Some of the most intriguing books in history are about the resiliency and triumph of the human spirit. In Yann Martel’s Life of Pi, a teenage boy loses his entire family in a shipwreck and spends 227 days at sea in a lifeboat with a man-eating Bengal tiger. More recently, in Andy Weir’s The Martian, a wounded astronaut is left for dead by his crewmates on Mars with insufficient supplies and no way of communicating to the world that he is still alive.

What is fascinating about these stories is that very few individuals would have the courage to overcome such insurmountable circumstances. These tales may be fictional, but the reality is that so few of us possess the coping skills needed to effectively deal with our everyday lives, let alone an unexpected traumatic event.

Today’s workplace is a far cry from what it was 20 or even 10 years ago. The speed of change is increasing exponentially, driven predominantly by technological innovation and shareholder return expectations that require organizations to continuously improve efficiency and output by doing more with less in an increasingly competitive global marketplace.

These pressures often put greater work demands on employees who are faced with mounting workloads as organizations grow or restructure. What this means for the average Canadian employee is that the idea of a 9-to-5 workday no longer exists, and the line between work and home life has become progressively more blurred. Many of us feel like we need to be accessible nearly 24/7, regardless of whether this expectation is real or perceived.

Unfortunately, these demands show no sign of letting up any time in the foreseeable future. One of the problems is that few employers have done a satisfactory job of helping employees improve their coping skills to deal with these types of changes. Some employers implement change with essentially a “sink or swim” approach; while some employees are up to the challenge, many feel as though they have been metaphorically left by their employer to survive on a lifeboat in the middle of the Pacific Ocean or abandoned on a distant planet.

If this is the new reality, employers have a responsibility to help employees learn the coping skills needed to deal with ever-increasing demands. Many employees can become paralyzed by today’s work pressures, which may prevent them from performing at their best – both at work and at home.

When employees are stressed out and exhausted, they are more likely to resort to poor lifestyle choices like picking up fast food instead of cooking a nutritious meal, mindlessly sitting in front of the TV or surfing the Internet instead of exercising, and overindulging in alcohol or recreational drugs. These behaviours, if not appropriately addressed, can result in reduced engagement and productivity, as well as increases in drug costs and incidences of absence and disability.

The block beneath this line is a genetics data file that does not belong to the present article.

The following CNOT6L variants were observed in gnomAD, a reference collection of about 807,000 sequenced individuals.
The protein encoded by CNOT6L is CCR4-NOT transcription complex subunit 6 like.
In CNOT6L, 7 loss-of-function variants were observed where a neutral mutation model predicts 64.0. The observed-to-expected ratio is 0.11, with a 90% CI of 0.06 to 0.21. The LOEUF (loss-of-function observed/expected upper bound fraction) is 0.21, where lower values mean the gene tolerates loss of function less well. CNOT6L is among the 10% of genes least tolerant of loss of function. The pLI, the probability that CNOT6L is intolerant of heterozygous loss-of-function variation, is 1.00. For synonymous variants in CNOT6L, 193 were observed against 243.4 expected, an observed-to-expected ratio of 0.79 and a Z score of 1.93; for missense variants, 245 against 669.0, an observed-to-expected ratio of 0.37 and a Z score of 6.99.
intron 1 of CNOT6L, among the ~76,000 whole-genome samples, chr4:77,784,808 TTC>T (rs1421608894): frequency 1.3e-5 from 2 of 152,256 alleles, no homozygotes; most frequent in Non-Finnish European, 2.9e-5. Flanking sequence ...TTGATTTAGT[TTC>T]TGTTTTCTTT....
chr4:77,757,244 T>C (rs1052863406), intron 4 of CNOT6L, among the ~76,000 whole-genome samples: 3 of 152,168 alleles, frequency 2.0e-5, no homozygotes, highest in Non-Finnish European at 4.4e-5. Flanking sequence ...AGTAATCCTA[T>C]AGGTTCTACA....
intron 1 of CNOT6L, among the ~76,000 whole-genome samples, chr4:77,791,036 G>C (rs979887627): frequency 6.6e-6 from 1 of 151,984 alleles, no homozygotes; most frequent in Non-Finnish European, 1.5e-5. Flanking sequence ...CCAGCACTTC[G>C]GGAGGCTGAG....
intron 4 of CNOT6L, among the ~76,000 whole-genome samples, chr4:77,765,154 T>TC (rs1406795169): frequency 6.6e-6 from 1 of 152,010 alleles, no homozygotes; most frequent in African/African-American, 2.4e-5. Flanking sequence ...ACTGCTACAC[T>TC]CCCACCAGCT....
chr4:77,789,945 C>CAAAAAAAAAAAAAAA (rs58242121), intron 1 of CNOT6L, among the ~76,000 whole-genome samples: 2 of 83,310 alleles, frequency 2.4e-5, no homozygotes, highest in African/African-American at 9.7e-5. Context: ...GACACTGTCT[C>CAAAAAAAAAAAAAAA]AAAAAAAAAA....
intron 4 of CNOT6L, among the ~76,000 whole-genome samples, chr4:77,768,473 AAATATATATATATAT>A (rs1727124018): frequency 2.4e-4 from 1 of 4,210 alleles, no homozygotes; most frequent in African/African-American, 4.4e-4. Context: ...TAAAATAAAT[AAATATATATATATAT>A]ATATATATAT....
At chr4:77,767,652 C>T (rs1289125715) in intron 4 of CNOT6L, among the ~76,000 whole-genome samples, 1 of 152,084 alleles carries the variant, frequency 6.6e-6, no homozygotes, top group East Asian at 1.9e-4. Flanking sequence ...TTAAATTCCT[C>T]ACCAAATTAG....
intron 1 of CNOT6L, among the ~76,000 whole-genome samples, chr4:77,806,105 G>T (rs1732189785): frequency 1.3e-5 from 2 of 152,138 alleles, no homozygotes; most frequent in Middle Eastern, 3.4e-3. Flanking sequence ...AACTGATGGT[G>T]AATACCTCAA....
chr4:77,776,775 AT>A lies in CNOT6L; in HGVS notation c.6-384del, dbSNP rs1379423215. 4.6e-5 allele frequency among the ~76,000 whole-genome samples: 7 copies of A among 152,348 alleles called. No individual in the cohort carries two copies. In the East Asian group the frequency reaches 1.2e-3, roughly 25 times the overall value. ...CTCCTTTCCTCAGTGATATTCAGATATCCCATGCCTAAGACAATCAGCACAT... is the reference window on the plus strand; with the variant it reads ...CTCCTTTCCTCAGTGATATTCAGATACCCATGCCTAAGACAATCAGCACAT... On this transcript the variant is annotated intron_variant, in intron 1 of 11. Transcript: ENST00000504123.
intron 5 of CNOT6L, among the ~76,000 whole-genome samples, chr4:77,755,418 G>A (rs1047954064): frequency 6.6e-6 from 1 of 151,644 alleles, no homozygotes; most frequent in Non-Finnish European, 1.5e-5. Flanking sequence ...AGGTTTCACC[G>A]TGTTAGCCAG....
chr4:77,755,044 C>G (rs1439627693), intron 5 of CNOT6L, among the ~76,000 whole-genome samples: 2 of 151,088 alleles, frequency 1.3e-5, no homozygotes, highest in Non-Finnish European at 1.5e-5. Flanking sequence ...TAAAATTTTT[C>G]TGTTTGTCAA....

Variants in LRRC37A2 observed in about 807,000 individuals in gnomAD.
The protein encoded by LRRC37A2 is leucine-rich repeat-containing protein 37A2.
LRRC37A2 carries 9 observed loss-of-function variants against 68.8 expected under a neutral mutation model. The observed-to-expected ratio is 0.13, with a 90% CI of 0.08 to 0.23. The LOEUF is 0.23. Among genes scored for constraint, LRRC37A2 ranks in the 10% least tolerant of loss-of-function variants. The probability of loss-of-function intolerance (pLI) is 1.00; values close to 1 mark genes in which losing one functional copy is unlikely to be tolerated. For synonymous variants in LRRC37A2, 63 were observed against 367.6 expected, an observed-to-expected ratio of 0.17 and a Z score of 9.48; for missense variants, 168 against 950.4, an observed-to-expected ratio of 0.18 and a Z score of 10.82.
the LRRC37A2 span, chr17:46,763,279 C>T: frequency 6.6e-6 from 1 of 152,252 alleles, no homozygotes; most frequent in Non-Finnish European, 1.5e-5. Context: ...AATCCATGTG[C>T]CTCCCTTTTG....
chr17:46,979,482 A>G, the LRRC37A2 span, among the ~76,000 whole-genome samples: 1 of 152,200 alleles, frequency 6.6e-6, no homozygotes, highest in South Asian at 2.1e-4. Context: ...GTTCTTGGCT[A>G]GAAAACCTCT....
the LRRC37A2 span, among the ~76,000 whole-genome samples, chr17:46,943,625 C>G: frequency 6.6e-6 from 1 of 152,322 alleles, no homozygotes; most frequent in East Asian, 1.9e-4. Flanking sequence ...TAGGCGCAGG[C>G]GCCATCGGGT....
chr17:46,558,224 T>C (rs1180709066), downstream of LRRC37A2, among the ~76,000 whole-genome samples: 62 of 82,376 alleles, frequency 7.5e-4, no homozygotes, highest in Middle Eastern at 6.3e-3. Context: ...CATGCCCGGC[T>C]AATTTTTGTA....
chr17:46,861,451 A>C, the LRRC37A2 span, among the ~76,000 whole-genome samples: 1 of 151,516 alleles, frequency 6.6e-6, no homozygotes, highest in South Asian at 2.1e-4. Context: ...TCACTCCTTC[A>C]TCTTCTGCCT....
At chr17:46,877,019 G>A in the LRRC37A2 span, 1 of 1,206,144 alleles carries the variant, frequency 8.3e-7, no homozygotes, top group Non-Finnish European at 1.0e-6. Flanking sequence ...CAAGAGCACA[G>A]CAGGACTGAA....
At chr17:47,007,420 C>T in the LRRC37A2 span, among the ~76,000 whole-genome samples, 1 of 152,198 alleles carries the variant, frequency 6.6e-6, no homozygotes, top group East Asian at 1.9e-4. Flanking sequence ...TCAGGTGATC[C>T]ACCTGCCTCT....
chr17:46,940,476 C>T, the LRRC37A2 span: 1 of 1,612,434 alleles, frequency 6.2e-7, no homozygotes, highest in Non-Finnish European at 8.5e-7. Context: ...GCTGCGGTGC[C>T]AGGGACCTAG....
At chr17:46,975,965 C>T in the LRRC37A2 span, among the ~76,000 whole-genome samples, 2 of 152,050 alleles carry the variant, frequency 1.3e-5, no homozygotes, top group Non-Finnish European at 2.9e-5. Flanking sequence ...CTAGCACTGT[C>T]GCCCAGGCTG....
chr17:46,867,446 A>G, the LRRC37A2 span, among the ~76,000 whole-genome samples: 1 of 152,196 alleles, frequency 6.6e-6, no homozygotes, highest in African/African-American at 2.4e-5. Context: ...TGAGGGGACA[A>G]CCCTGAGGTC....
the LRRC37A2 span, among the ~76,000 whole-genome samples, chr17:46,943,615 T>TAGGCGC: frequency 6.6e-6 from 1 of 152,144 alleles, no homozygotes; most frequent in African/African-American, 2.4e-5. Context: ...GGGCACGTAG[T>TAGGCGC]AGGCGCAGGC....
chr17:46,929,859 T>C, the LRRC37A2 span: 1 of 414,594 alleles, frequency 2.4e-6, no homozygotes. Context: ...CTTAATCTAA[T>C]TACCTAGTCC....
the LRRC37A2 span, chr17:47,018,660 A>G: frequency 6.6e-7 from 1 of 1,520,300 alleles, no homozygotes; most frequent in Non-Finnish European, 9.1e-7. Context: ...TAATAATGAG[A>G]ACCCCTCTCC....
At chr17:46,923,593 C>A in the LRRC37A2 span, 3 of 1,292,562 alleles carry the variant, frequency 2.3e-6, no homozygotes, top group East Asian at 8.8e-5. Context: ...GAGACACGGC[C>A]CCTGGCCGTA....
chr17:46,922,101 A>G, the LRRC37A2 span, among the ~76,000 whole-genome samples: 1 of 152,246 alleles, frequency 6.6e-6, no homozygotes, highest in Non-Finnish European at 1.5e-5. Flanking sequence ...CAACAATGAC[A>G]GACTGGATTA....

According to Dr. William A. Howatt, author of The Coping Crisis: Discover why coping skills are required for a healthy & fulfilling life, “when a coping crisis is left without resolution, it can lead to a mental health crisis.”

Dr. Howatt’s research and experience in this area predicates that coping skills, or lack thereof, are the root causes of much of what ails many Canadian workers, and that employees who are equipped with the right coping skills will generally be more engaged, productive and happier in the workplace.

So what can employers do to tackle this challenge? The best place to start for most employers is to use resources available through their employee and family assistance plan (EFAP). Most EFAP providers offer a wealth of resources for employers, such as leadership coaching information and monthly newsletters, often at no additional cost to the current per-employee monthly rate.

Simply making employees aware of the confidential support services available through their EFAP can get the ball rolling. Employers will typically see a short-term increase in use following an EFAP promotional campaign, which generally means more employees are getting the help they need.

EFAP providers can also tailor campaigns to target specific areas of need, such as coping skills. Employers may want to engage their EFAP providers and benefits advisors in advance of any major changes that are likely to put additional strain on their employees.

A great example of this approach is integrating EFAP into a change management plan associated with the switch/upgrade to a new enterprise resource planning (ERP) software platform.

While better coping skills can help improve your employees’ resilience in handling change and increased work demands, implementing such programs should not excuse employers from addressing workplace deficiencies, such as prolonged excessive workloads, abrasive leaders and toxic environments.

However, for employers striving to improve engagement and achieve an overall culture of health, an emphasis on coping skills is a critical component in attaining these results.

Kenneth MacDonald is a senior consultant with Morneau Shepell in Calgary. These are the views of the author and not necessarily those of Benefits Canada.
Copyright © 2021 Transcontinental Media G.P. Originally published on benefitscanada.com

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